Customization cost refers to the cost chargeable in customizing the handheld application while integration cost refers to the cost required to integrate the handheld application to the existing backend system. If you do not have a backend system, it would be advisable to choose a solution provider who develops both the backend and the client application to ensure that both applications are seamlessly integrated.
  • Implementation and training costs
    Apart from vendor's charges for implementation and training services, other costs may include hiring of external consultants (if necessary), data entry personnel, cost of additional manpower required during system testing and other incidental costs.
  • Installation costs
    Installation costs include the necessary wiring, wireless network connection fees, as well as hardware and software installation.

Recurring costs include:

  • Network service charges
    This would include airtime usage fees charged by the wireless network provider for transmission of data over their network.
  • Support
    This may include technical support for hardware, as well as onsite and helpdesk application support provided by the vendor on a contractual or ad-hoc basis.
  • Maintenance
    This includes software enhancements, updates and upgrades provided by the vendor on a periodic basis. This usually comes in the form of annual software subscription or maintenance contract with free software updates and major upgrades at discounted price during the subscription/contract period.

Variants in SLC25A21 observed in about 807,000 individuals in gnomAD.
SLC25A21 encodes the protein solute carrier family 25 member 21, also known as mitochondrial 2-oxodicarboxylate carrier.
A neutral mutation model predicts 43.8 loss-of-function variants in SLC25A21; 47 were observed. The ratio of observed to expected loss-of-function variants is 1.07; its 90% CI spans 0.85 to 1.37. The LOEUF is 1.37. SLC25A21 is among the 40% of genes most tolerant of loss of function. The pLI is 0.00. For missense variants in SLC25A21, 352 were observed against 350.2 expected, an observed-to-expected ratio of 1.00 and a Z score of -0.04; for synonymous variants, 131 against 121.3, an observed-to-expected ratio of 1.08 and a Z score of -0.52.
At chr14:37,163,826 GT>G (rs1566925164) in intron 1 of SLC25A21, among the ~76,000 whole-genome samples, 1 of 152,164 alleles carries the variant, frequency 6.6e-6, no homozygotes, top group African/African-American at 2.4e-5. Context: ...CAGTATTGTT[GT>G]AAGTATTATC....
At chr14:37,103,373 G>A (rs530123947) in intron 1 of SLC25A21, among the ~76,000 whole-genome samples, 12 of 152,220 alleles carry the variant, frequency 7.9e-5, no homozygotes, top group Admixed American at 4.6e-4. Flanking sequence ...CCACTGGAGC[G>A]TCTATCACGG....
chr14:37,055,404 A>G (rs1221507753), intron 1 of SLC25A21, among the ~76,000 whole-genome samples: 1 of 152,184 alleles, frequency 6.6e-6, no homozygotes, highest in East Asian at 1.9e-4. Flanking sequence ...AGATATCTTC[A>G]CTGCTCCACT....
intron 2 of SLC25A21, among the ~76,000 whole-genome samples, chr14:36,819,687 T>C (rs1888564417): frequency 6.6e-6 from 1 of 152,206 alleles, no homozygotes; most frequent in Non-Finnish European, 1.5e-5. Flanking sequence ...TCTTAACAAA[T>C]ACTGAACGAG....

Making the decision
Like any other IT project, wireless handheld solutions should be backed by a strong business case and a favorable cost/benefit analysis.

You should understand your organization's requirements in order to determine how you can benefit from the technology. Wireless handheld solutions are most valuable for organizations with requirements for mobile working (field sales or service) and access to critical information.

In carrying out a cost/benefit analysis, you should look out for returns that are immediate and quantifiable, such as increase in revenue and cost reduction. You should also take into consideration soft benefits that are less quantifiable or aren't immediately quantifiable. This is particularly true if your main objective in implementing a wireless handheld solution is to provide better customer service. Soft benefits include increased customer satisfaction, customer loyalty, increase in efficiency, etc. Be sure to conduct a thorough study on the hard and soft benefits before making a purchasing decision.

Implementing a successful wireless handheld solution can be a challenging task as the technology is relatively new. There are certainly a lot of benefits and advantages, but there are also pitfalls to avoid. A good starting point would be to know the components of the solution, costs involved and the potential benefits. You should also identify your business requirements in order to establish your business case. Finally, appraising the project based on formal and informal justifications will go a long way in implementing a viable solution that best suits your business needs.

Pamela Wu is marketing director of Silk Technologies, a business software developer specializing in retail and distribution.